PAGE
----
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Thursday, Dec 8, 2022
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L.A. County Business Federation: Good for Business?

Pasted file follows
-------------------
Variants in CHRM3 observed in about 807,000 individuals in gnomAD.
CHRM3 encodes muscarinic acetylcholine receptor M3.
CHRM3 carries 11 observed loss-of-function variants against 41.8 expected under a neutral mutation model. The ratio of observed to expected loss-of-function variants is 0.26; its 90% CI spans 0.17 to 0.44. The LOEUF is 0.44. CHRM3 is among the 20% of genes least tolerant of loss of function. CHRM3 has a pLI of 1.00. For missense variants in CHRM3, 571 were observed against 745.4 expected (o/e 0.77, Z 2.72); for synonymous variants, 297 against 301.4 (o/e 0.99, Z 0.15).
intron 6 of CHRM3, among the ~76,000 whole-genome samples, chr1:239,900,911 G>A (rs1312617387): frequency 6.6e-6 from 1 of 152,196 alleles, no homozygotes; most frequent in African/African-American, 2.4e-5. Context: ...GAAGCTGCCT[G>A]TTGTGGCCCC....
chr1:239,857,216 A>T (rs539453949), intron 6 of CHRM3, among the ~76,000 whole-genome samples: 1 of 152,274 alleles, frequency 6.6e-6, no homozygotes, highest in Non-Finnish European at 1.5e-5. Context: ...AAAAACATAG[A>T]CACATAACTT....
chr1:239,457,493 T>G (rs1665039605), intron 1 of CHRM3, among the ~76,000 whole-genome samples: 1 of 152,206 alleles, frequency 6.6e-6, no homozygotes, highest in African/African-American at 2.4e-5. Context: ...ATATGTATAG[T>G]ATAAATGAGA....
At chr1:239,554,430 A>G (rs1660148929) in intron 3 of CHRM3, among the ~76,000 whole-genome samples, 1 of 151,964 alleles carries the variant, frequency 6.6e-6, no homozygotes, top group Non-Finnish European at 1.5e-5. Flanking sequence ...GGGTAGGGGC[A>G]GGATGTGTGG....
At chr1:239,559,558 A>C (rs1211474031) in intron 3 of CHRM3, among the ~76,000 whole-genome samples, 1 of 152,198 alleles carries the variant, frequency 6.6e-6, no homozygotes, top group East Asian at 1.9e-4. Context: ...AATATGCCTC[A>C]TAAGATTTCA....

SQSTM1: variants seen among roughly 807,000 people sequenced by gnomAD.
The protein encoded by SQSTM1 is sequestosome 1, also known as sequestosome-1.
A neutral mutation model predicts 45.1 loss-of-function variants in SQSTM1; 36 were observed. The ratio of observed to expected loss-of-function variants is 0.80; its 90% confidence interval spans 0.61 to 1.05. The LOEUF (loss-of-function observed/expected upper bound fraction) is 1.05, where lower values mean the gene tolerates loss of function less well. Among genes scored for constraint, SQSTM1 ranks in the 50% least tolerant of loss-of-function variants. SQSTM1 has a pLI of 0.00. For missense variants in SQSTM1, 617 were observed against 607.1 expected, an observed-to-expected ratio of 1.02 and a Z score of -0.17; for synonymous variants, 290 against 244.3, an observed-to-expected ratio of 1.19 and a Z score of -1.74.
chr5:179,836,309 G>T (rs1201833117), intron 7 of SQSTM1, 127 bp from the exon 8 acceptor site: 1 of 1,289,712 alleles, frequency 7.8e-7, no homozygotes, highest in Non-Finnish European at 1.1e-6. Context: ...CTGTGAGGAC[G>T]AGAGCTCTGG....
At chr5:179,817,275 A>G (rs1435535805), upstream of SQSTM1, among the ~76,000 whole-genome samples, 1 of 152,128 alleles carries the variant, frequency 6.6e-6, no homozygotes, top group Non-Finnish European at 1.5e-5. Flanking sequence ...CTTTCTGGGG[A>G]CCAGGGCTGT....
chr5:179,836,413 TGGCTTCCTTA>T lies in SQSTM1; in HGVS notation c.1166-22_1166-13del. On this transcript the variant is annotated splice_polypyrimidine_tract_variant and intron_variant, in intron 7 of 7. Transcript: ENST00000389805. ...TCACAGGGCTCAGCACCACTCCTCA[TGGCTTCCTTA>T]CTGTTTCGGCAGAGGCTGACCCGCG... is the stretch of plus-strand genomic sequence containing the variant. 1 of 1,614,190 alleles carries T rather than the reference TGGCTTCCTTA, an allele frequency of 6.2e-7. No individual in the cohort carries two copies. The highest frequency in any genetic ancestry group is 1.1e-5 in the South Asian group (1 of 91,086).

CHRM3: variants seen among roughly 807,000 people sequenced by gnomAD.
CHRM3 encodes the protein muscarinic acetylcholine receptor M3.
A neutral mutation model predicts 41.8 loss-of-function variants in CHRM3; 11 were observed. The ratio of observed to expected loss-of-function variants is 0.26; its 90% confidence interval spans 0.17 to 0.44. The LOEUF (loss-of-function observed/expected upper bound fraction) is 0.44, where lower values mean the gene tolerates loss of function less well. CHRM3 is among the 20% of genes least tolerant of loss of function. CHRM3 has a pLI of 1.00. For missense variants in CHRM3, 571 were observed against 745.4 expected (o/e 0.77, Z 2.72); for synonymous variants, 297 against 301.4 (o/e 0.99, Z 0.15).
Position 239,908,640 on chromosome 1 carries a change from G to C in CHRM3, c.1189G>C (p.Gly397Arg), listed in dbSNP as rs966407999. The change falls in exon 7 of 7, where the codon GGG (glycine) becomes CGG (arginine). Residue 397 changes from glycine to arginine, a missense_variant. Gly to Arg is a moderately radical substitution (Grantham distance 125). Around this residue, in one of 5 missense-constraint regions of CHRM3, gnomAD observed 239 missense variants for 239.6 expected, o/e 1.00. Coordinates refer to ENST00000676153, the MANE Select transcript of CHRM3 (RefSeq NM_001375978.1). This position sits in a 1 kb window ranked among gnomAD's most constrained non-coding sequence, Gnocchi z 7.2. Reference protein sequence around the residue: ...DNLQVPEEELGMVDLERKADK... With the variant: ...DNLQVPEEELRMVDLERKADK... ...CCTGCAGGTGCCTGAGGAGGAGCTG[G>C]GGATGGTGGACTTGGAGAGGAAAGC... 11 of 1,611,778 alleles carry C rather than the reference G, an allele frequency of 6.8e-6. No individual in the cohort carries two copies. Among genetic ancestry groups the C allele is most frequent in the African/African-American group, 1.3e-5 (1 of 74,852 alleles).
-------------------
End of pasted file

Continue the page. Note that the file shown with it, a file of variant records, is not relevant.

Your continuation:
By Joe Hooven In late 2001 I was nearing the end of my presidency of the Universal City/North Hollywood Chamber of Commerce. I’d had a pretty good time of it, we had a better than average Board of Directors, most were supportive of my goals, and we had managed to turn around a Chamber budget deficit in the thousands of dollars. At our monthly breakfast meeting I had the pleasure of introducing our guest speaker David Fleming, a highly respected San Fernando Valley attorney, an astute businessman, philanthropist, and friend to many of our city’s elected officials. Fleming spoke that morning about the important role business plays in our city. He referred to business as the engine that drives the train called the city of Los Angeles. He spoke of the growth through the years of our city’s services police, fire, parks and recreation as a result of taxes paid by the thousands of businesses in the city. I left the breakfast feeling good about myself, reflective of my business accomplishments, and the good volunteer work that I’ve done. Every once in a while I’ll either read or hear something about Fleming. I’m attentive he left a good impression with me. He has always looked after the business interests of the Valley. He found time this last year to be the chairman of the Los Angeles Area Chamber of Commerce. That’s pretty cool. During his term, he became the driving force behind the newly formed Los Angeles County Business Federation. The goal of this new business advocacy organization is to be a counter weight to the powerful Los Angeles Federation of Labor, and to be a unified voice for business before the Los Angeles City Council and other elected officials. This new organization already has 44 business groups, representing about 70,000 businesses, signed on, including chambers of commerce, trade associations, and ethnic business organizations. Every business person knows that the Federation of Labor is a political powerhouse, lobbying elected officials to pass policies favorable to labor and putting forward labor-friendly candidates for local office. The current Speaker of the California Assembly is a product of the Federation of Labor. Here in the San Fernando Valley we’ve got a variety of business advocacy groups. There are something like 20 local Chambers of Commerce, ranging from North Hollywood, through Encino, out to Woodland Hills, and over to Van Nuys. Then we’ve got an umbrella organization over all these local Chambers called the United Chambers of Commerce. In addition to these local business advocacy groups, we’ve got an organization called the Valley Industry and Commerce Association. This organization spends a lot of time taking positions on business issues and interacting with local and state elected officials, even traveling to the state capital. Add to all this another business advocacy organization called the Economic Alliance. They’re looking for money for business, and planning for the future of business in the San Fernando Valley. Never in the history of our state have we needed the diverse talents of businesspeople more than we do now. The State’s budget is $14 billion short, or is it $17 billion? We hear different figures each month. This is a direct result of elected officials trying to grow the government horizontally, involving themselves in more areas of activity, without prioritizing or weighing the consequences of how the money is being spent. Turn to our own city. Mayor Villaraigosa said of the City budget woes, “The word ‘crisis’ cannot be underestimated. We are looking at an uphill fight.” Even though he was able to pass the Measure S phone tax and receive an additional $270 million a year, he states that we are still $155 million short. Living in, and owning two businesses in, our beloved San Fernando Valley, I know, just like the great Sam Cooke sang, “a whole lot of change is going to come.” What’s happening in the state and in the city is everything-for-everyone. Officials throw money at problems with hardly any thought to efficiency. We’ve got a whole lot of programs that don’t work well. If you run a business, you know immediately that this kind of thinking will close your doors. We’ve got to get business people into the mix. If you run a business you know discipline, you know objectives and goals, you know how to set a vision and get the buy-in, and you know effort. I applaud David Fleming for recognizing the problem and for attempting to organize business people. But in the Valley we’ve got way too many business advocacy groups. As a local Chamber of Commerce member for more than 20 years, we spent all our time trying to stay financially solvent. The important issues through time were zoning, parking, and development. The local Chamber of Commerce business model is pass & #233;. These issues are still important, but are handled more effectively by our elected Neighborhood Councils. VICA and the Economic Alliance are filled with well-meaning members, and seem to have important agendas, but in reality they don’t change the minds of many of our elected officials. The disappointment here is that the membership rosters of these organizations are filled with dynamite business people. It’s time to begin thinking about closing down all these groups, and moving toward a new business model that will bring all of these important business people under one roof. But the new Los Angeles County Business Federation is not the answer. I’d love to ask David Fleming to spearhead a new effort to establish a powerful and effective new business organization in our own San Fernando Valley. Think of an organization that will bring Valley business people like Rickey Gelb, Vince Liuzzi, Bob Robertson, Bert Boeckmann, Flip Smith, Richard Leyner, Alan Oberman, Paul Davis, Bruce Ackerman, Ken Banks, Guy McCreary, Mike Quiroga, Art Ginsburg and Ray Vega to name only a few, under one roof. Take these people and a whole bunch more just like them, turn them loose to achieve some basic goals, and you’ll see plenty of action. That’s the wave of the future, and a whole lot of business people just like me are ready to shoot the curl. Joe Hooven is president of Best Window Treatments, Inc. in Burbank, and is a board member of the L.A. Valley College Foundation